Dobsonian 200/F6 | Maksutov 180/F15 | Binocular 12x50
Quote:Can anyone shed any further light as to why there is so much variation of opinion on this subject, when there ought to be a specific value we can all agree on?
Quote:Generally, there's a formula of...
APM 105/650 Travelling Visual Observer
Quote:an exit pupil of about 0.8mm offers maximum resolution of lower contrast features.
Quote: (instant disqualification for the first person who states "everyone's eyes are different" since I don't believe anyone's eyes are able to help them defy the laws of physics and it's scientific fact I am searching for here, since I want to drive subjectivity out of the issue once and for all!...)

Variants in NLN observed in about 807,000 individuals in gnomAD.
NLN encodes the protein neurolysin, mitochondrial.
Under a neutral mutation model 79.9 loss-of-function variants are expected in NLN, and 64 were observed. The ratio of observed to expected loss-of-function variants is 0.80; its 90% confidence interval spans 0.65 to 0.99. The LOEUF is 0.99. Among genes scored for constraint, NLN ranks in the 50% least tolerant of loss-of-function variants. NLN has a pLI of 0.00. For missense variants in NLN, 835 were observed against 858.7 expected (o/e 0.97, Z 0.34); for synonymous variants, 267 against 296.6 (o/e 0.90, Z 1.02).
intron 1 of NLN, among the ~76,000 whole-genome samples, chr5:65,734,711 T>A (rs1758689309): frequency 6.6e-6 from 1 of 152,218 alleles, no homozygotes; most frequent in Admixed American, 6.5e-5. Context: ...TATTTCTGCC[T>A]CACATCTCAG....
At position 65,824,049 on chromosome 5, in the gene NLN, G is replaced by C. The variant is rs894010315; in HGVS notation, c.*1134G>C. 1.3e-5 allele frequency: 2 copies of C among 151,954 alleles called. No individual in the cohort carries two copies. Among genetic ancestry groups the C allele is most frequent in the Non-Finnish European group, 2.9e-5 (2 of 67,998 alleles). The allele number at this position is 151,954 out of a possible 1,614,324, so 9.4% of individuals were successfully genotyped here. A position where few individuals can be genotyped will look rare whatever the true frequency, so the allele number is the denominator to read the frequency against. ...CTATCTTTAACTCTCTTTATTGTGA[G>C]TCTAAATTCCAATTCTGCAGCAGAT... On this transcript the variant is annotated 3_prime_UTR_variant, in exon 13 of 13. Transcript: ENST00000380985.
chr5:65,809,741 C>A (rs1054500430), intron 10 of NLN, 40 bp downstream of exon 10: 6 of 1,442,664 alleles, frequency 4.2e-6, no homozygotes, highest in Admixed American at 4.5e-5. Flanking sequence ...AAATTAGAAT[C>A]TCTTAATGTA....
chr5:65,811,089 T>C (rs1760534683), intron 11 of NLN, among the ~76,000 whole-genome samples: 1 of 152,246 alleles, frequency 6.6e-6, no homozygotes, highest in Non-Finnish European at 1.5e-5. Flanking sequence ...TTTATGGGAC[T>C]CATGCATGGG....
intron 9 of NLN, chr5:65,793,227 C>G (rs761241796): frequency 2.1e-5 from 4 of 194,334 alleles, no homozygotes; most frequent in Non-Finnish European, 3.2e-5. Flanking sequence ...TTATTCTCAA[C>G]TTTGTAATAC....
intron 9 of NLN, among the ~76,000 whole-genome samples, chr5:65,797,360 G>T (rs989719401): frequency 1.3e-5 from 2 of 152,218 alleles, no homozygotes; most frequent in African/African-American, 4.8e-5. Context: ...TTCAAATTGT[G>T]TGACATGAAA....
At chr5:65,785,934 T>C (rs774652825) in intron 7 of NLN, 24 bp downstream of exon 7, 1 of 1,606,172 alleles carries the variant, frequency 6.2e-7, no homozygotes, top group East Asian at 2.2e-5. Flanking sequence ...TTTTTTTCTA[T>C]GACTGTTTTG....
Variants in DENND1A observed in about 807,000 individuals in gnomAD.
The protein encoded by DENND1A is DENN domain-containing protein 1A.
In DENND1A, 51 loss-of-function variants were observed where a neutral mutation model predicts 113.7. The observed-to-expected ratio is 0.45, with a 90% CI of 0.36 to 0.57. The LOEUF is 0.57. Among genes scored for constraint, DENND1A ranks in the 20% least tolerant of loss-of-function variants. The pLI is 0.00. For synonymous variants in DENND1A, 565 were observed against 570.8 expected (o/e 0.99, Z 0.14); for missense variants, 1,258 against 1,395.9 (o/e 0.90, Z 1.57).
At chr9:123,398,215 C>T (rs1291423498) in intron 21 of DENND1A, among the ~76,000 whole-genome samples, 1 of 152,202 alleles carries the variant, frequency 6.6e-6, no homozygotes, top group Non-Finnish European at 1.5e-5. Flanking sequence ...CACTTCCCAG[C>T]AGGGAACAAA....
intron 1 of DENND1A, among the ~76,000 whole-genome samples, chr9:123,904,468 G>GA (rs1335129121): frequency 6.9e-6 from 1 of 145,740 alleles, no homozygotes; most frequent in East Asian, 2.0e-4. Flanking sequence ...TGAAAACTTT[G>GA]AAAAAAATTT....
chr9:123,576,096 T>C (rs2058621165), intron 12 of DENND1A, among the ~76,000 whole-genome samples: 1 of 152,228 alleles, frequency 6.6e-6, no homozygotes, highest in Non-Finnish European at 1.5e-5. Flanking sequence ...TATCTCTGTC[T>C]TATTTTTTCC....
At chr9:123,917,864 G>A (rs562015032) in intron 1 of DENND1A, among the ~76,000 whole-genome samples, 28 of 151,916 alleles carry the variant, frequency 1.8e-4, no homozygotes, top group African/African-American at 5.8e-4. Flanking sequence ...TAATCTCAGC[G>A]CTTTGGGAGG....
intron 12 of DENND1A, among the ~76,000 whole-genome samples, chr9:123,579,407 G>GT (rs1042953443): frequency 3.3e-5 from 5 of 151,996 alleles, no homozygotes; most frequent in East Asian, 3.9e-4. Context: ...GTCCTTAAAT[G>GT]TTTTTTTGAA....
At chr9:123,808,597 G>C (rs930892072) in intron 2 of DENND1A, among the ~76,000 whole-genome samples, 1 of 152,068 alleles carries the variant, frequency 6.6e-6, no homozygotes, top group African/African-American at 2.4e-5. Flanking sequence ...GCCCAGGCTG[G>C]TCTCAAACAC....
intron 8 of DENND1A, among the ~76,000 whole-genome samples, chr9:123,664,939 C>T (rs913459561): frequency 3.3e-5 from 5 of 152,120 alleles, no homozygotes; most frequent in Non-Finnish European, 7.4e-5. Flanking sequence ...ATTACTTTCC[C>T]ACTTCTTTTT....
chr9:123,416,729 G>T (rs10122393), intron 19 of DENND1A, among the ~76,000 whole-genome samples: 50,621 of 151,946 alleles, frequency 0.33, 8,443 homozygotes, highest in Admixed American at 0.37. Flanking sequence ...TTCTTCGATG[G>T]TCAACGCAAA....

Quote:The underlying assumption in your question is that there should be one optimal magnification that works for all observers for a given object in a given telescope regardless of any differences in an individual's eye.
My eyepieces are made from the waste product of exploding stars.
10XTi 102XLT ST80A(2" Focuser); President, Eypieces Anonymous, Denver Chapter (Hello, I'm an eyepiece junky, what's your excuse?)
DAS Dark Site
Quote:with years of observing planets and DSO's, your eyes probably percieve more detail then when you were younger with possibly better vision and less eyepiece time.
Quote: I want to drive subjectivity out of the issue once and for all!
"You're not afraid of the dark, are you?" - Riddick "The best scientists are humble. They seek to understand, not to ensure their legacy, but merely to understand." - Mori
Perhaps Jon, my question might be better phrased (for the more experienced of understanding such as yourself) as "What's the minimum scope-relative magnification that will resolve for human eyes all possible detail?"